At least some of the factors you've cited though aren't the cause of the initial decline but the result of the initial decline (declining schools, retail and cash strapped government). So once you get the initial decline, those things happen and trigger additional decline.
There are certainly areas like what you describe in stl. Kirkwood, Glendale, Creve Coeur, Brentwood are similar in many respects with excellent schools and a lot of 50s-60s housing stock. The desire of these neighborhoods is their central location in the middle of the employment belt. Some have older town centers while others are more secluded in feel with wooded larger lots. The suburbs w a problem here tend to be those built immediately post war with small lots and small homes that lack the town center feel. In other words, most of them from that vintage.

A couple things here compound the effect: 1) deep concentration of African Americans who faced segregationist housing policies and a host of other problems. Once many suburbs fell out of fashion, they moved in and what started as people leaving to buy bigger turned into a quick exodus. That happened in Ferguson, which ironically does have the town center rail car suburb thing going for it. 2) Fragmentation. There are municipalities here as small as 12 people. We have about 90 towns in stl county, which has a population of just under a million. In one area of about 10 square miles just south of Ferguson, there are 21 different municipalities that comprise about 50,000-60,000 people. When those areas are middle class, low cost, easy to administer places, they are cozy little enclaves. When they go bad, they go bad in a hurry. They might only consist of a couple neighborhoods, 1 commercial strip (more if a suburban strip mall) and 1000 people. If a neighborhood declines, the tax tolls have no greater area to hedge against that decline. Things go into a death spiral. Ferguson is larger (abt 30-25k), but they've faced the same issues, just at a slower pace.

Canadian planning does do much right: greater density (even burbs), some walkability/town center concepts, less extensive highways to curb development. Where American suburbs have generally failed is that they offer little differentiation. It's all about the house for the price with little other infrastructure/amenities outside of the ubiquitous 4 lane highway big box lined commercial area. From my experience, it's much worse in areas with a lot of growth in front of them post war. This includes industrial cities that declined 20 years later like an stl in addition to places like Dallas and Atlanta. You don't see it as much in older metros that were either post industrial or definitely heading that way by 1950. Places like the New England, Albany, Buffalo or older towns like Charleston, Richmond, New Orleans, parts of Pennsylvania. Had the decline of industry occurred in the Midwest 20 years earlier, cities there would have sprawled less and there wouldn't be the same vacuum for middle aged housing stock. Even a fairly global metro like Chicago has this issue. Harvey is a good example there.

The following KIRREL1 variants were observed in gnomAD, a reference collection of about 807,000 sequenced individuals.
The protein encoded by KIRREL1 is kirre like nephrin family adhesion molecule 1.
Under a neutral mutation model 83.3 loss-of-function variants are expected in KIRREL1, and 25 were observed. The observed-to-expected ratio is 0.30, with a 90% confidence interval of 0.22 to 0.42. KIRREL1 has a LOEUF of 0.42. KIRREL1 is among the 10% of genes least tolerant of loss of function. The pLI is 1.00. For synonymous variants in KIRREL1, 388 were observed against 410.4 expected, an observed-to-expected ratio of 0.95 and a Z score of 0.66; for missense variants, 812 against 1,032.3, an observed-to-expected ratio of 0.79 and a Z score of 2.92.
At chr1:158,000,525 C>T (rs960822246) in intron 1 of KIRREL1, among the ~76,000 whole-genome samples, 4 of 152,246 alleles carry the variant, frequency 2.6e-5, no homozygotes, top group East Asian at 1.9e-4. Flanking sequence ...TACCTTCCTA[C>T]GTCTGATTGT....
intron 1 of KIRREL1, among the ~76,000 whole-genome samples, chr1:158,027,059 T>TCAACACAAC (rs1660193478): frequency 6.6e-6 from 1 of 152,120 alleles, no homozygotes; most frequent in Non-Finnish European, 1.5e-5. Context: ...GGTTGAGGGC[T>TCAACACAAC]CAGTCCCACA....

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Old 12-25-2014, 01:47 AM
 
Location: Michigan
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Quote:
Originally Posted by memph View Post
Yeah post-WWII suburbs of Detroit aren't in severe decline, or at least not at the advanced stages of severe decline. There are post-WWII SFH neighbourhoods within the city proper though, some of which are in the advanced stages of severe decline.

I would consider Eastpointe, Harper Woods, Redford and Inkster mostly post-WWII suburbs of Detroit though. The census tracts in Metro Detroit that have experienced the biggest changes in racial composition from 2000 to 2010 are mostly in Eastpointe, Harper Woods, Redford, South Warren and a few adjacent parts of Detroit, and to a lesser extent some of the downriver areas. Census tracts in Southfield and Oak Park changed too but not quite as fast.

Another difference between Southfield vs Eastpointe and Harper Woods is that blacks in Southfield have higher incomes than whites, while in Harper Woods and Eastpointe it's lower. The parts of Detroit near Southfield and Oak Park are also more stable black lower middle class neighbourhoods whereas the parts near Eastpointe and Harper Woods are among the most rapidly deteriorating parts of Detroit. Some of these earlier post-WWII suburbs seem to have experienced greater declines in property values and incomes/increasing poverty more than the rest of Metro Detroit too. They've managed to keep up appearances so far, and avoid intense population loss, but some of them are still in a precarious situation.